Priesst, best known for his second official single titled 'Puff-Puff Pass' featuring Falz, shares what it takes to break into the Nigerian music industry.
Afro-pop and rap sensation, Caleb Odugbose, popularly known as Priesst, is a fast-rising Nigerian singer best known for his second official single titled 'Puff-Puff Pass' featuring Falz, released in September.
Priesst, whose parents are clerics, kicked off his official musical career against all odds in 2014.
In this interview, he speaks about his foray into music and how he hopes to impact his fans with his music.
PT: How did you come about the stage name, Priest?
PRIESST: A movie. "Superfly".
PT: Tell us more about your background.
PRIESST: I hail from Ogun State and was born into a family of six. My dad is a pastor, and I am the last child. I'm currently schooling at the University of Abuja and in my final year, studying Political Science and International Relations.
PT: Let's hear more about your music career.
PRIESST: I got into music unexpectedly. My dad is a pastor, so I was in the church choir playing the drum, playing the keyboards, and switching both when there was no one to play the other instrument. I was never into music, especially rap. My dad should never hear me rap, that kind of stuff.
I was more of a songwriter. At first, I would write for my friends; then, in secondary school, they would use what I wrote to flow and get the audience. So, before I ventured into it, I knew it was something I liked because seeing someone using my piece to wow the audience has always made me feel like I got this! But I couldn't come out to the forefront.
PT: Were you shy?
PRIESST: Maybe a mixture of shyness and more of - I don't know what my dad would say.
PT: So, what does he say now?
PRIESST: At first, he wasn't in support. I was hiding it from home up until now, that he is aware. But I don't know if he's in complete sync with it.
PT: As a talented singer whose father shouldn't know about his craft, how did that make you feel?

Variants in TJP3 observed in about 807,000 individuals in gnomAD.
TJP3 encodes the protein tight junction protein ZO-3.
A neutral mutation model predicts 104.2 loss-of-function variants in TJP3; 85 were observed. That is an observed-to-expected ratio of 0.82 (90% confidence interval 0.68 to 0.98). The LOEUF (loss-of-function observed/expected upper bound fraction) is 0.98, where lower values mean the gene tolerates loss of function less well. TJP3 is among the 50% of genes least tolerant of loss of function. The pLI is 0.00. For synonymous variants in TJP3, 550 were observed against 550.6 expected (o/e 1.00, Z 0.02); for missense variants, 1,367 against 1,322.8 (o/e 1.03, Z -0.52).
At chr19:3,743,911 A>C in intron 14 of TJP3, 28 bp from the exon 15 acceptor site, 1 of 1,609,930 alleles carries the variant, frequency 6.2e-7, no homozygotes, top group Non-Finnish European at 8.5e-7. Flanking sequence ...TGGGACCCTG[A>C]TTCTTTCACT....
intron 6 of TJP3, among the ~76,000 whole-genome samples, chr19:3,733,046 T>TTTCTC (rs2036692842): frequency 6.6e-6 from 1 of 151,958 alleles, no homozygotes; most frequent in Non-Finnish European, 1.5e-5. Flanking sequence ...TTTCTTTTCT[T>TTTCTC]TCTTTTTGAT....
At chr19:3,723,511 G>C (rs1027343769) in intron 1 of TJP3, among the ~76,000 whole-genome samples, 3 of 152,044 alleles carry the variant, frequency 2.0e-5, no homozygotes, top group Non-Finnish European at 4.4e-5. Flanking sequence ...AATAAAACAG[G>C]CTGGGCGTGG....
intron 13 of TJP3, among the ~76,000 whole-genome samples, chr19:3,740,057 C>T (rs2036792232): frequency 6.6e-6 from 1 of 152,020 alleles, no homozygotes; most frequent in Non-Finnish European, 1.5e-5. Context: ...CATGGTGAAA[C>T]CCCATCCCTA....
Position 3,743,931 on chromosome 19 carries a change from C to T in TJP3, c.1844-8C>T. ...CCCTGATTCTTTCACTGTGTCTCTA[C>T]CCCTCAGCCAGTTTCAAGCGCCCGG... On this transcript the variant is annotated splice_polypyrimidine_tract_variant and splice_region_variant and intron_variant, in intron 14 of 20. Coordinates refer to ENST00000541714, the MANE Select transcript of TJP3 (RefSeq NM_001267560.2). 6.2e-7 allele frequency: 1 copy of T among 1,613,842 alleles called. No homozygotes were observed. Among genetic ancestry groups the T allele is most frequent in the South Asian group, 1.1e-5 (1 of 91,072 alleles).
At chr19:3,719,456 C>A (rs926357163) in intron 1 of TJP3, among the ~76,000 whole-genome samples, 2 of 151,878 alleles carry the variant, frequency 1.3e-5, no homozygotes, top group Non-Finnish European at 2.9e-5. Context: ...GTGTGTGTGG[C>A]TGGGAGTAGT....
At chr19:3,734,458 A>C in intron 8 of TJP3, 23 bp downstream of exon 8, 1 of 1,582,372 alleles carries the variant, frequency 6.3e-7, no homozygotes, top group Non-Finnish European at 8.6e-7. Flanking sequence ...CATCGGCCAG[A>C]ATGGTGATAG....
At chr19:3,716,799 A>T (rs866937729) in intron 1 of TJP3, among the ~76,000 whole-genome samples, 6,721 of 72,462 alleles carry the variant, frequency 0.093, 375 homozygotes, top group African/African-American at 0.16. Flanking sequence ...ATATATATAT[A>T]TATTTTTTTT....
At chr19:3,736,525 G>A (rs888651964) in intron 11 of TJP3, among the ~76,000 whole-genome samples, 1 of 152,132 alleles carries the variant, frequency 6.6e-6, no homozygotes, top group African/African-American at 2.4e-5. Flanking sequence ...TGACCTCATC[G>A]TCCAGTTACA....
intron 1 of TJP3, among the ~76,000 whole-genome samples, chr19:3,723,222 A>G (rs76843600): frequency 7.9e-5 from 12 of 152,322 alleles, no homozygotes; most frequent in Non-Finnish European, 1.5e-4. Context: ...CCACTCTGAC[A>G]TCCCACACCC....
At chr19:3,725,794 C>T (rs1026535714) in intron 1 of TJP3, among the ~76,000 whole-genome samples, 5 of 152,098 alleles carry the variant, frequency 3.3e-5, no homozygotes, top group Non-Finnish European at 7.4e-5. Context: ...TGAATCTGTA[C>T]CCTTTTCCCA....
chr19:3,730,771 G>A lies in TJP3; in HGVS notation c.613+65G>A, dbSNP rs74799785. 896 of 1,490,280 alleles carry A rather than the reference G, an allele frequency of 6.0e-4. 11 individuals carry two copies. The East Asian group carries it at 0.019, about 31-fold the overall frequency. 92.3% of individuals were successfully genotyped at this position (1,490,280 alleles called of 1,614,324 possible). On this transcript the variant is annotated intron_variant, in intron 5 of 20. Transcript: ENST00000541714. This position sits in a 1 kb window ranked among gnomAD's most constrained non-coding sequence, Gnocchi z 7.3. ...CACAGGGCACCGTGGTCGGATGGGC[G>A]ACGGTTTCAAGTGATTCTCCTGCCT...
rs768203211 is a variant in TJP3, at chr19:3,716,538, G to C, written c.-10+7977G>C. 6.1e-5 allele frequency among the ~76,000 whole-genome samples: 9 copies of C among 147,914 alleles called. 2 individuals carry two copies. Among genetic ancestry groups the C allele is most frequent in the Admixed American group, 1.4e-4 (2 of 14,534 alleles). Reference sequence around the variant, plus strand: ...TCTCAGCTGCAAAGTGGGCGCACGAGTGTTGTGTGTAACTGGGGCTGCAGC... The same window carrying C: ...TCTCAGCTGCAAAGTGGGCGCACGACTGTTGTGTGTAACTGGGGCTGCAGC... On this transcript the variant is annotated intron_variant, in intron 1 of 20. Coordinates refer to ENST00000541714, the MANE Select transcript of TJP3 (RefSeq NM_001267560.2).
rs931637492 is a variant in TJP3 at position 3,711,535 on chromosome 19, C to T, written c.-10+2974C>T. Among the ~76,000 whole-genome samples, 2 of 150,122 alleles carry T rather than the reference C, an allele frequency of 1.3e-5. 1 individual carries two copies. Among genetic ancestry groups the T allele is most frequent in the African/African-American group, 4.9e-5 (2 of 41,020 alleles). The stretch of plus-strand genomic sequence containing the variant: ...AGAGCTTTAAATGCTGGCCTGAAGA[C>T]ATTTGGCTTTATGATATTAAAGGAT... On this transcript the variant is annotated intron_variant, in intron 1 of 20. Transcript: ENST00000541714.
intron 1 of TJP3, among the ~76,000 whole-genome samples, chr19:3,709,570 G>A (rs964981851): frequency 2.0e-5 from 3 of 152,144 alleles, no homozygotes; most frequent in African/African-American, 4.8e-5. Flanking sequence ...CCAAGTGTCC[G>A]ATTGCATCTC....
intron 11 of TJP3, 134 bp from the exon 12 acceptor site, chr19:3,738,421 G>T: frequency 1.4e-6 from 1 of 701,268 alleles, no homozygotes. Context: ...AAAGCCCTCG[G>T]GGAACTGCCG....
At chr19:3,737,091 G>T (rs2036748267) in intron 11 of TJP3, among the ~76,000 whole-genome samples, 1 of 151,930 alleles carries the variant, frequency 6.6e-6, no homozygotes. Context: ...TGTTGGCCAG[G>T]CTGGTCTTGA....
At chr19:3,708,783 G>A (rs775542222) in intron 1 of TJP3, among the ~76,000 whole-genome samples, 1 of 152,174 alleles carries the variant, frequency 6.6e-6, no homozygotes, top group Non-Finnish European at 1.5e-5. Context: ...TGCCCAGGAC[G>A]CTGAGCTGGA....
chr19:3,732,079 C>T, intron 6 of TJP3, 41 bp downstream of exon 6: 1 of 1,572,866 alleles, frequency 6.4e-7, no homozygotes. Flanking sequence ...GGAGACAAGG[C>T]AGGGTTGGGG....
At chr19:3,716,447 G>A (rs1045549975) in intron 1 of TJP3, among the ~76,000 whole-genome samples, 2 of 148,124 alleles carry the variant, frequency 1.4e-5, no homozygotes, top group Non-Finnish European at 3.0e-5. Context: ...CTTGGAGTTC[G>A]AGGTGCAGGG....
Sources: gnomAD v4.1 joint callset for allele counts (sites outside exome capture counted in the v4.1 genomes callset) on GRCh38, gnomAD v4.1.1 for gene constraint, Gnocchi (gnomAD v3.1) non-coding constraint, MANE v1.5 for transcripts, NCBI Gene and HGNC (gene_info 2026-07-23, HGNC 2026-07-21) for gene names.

PRIESST: I was scared. I was ready to let go and not even make the music. I was good with that.
PT: So, you're not the typical rebel child of a pastor?
PRIESST: I Think I wasn't, then. But, I think I am now.
PT: What genre of music do you do?
PRIESST: I have been singing Afro-pop since 2016. People classify Afro-Pop as a type of Afrobeats and a touch of Hip-Hop. While some call Afro-Pop Afrobeats, I think I'd go for the first, which is the blend of the popular Afrobeats with a touch of Hip-Hop.
PT: Where do you draw your inspiration from?
PRIESST: I think it depends on what I want to write about, but it is mostly from sad moods... that's weird!
PT: Who do you sing for now? Who is your audience?
PRIESST: The ladies. To become more successful in the Nigerian music industry, you must have a solid female base.
PT: What are your thoughts about the Nigerian music industry?
PRIESST: It does not favour up-and-coming artists. But I think, generally, this Yoruba proverb says, "olowomamba olowo re". It means "the rich rolls with the rich, the poor rolls with the poor.
One thing that has affected me the most is fake promises. That stuff is painful! It just gets your hopes high... somebody texted you that they would do this and that; you try to follow up for months, and that's just it. I think it is painful. If you can't do it, don't promise it.
PT: Have you been able to work with any of the big names in the industry?
PRIESST: Well, I have a couple I'm grateful for, the likes of Falz and Dremo. I love Don Jazzy, and it is even beyond singing with him. I feel like he can make me the best version of myself. I'm open to that.
PT: Thoughts on the 2023 elections?
PRIESST: I would be sincere, not to impose my choice on anybody - I'm also a political scientist, that's what I'm studying--more of an aspiring one. I've listened to all of them speak. I feel like there's something about being obedient. I can hear this intentionality - he (Peter Obi) wants to fix the country.
PT: Do you think he can fix the country?
PRIESST: Well, it isn't easy. I'm still listening to him. I don't want to follow the trend. I'm still listening to Peter Obi, but so far, so good.
Click HERE to watch Priest's interview, where he freestyled and rhymed like never before.